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Special objections to the right to die - purely religious?

Yesterday I read a heartbreaking story about a man called Tony Nickelson, who suffers from locked-in syndrome. He is currently in the UK court system, battling for assisted dying to be made legal: http://www.bbc.co.uk/news/uk-england-wiltshire-18398797

As a Scot, I'm also familiar with MSP Margo McDonald's attempts to table a similar argument in the Scottish parliament - with (so far) little success.

As far as I can see there is a real, practical debate to be had on this issue around safeguarding against vulnerable people being coerced or persuaded into taking their own life if they have become a burden to a (in my view callous) family, for example.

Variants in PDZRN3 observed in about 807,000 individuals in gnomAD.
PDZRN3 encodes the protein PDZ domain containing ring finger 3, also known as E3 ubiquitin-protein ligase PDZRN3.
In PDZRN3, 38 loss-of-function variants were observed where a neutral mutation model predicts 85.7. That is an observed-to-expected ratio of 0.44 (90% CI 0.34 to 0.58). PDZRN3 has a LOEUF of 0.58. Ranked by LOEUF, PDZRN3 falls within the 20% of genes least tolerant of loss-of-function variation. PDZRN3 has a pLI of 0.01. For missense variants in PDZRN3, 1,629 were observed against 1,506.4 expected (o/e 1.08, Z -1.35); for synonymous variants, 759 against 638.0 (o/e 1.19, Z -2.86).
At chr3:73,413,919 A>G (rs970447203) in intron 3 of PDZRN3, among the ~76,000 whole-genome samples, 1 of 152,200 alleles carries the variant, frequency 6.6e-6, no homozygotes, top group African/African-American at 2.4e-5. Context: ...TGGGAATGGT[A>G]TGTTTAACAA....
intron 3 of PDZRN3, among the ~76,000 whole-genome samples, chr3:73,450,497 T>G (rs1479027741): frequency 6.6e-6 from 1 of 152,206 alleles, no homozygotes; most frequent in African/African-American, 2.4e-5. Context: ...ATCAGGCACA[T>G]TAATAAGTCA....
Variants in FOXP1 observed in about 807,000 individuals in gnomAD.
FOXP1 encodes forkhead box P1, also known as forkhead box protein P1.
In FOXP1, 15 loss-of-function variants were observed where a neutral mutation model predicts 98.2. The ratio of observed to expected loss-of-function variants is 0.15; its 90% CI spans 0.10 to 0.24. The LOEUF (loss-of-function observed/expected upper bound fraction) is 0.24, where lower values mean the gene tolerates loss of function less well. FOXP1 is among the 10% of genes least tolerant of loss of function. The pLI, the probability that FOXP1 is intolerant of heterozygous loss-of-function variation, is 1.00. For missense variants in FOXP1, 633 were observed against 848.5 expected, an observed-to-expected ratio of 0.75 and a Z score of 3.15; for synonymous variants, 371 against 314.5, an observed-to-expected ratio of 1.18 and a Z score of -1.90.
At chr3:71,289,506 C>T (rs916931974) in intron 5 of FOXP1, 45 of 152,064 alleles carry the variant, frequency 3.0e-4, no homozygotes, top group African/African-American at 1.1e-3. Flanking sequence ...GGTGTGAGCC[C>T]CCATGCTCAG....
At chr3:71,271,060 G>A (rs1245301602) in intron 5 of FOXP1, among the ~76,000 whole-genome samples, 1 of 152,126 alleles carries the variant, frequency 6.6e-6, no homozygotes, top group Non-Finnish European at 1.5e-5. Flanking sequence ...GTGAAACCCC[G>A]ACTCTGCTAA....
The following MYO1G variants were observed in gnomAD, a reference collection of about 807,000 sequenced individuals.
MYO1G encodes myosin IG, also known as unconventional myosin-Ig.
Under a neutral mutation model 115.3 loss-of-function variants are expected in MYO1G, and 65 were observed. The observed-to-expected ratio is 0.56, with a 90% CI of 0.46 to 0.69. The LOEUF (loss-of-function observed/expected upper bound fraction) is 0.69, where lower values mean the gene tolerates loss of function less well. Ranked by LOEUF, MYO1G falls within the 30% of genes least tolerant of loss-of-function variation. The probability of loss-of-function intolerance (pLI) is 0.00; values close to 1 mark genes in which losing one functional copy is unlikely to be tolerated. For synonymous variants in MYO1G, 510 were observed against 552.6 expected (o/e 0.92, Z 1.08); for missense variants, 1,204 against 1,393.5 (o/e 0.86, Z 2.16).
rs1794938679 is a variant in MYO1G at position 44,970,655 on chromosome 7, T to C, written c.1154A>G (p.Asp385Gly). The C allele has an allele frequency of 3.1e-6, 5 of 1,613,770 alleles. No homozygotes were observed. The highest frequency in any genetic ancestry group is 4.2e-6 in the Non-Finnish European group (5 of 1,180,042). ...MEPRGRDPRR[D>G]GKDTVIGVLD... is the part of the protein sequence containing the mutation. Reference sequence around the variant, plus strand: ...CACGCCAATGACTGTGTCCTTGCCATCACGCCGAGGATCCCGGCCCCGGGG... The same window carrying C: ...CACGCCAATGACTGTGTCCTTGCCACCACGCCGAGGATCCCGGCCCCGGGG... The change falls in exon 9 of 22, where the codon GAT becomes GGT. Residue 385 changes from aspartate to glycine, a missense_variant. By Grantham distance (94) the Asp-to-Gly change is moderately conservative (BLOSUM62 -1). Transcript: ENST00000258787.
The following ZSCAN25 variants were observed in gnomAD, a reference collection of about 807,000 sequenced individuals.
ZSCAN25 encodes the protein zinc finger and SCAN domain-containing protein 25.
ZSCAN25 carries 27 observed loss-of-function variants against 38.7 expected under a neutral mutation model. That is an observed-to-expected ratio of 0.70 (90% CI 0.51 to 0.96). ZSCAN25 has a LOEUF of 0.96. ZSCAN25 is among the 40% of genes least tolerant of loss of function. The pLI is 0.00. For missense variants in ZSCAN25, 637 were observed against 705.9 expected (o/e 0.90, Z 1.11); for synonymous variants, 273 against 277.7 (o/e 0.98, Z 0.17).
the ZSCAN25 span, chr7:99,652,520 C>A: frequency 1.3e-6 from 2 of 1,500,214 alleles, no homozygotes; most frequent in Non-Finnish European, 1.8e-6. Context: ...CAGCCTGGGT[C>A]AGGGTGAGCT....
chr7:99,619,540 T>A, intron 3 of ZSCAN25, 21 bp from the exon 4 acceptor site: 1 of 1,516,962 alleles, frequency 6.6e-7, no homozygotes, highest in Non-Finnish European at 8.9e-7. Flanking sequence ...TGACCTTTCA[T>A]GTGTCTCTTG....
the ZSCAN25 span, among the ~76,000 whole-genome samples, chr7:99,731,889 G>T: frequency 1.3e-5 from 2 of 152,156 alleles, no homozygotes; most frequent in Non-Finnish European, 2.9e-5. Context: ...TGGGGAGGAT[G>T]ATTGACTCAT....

That "real" argument notwithstanding, I'm curious to see if anyone can think of any "special" reasons why assisted dying is a bad idea, other than the religious concept that a person's life is not their own to take, but that it belongs to god (whoever he/she might be), and that to end your own life is somehow to "sin".

To clarify, by "special", I mean a reason that is, if you like, a trump card that beats all reasons why assisted dying is a good idea. Mr Nickelson refers to people that subscribe to these special reasons himself in the article; unsurprisingly, they will not discuss the issue at all with him.

I'd like to add that this question is not an attempt to start a god-botherer-bashing thread ('god' knows there are enough on the www already), rather a sincere attempt to understand how people think on this issue.

TAGGED: HUMAN RIGHTS, MEDICINE


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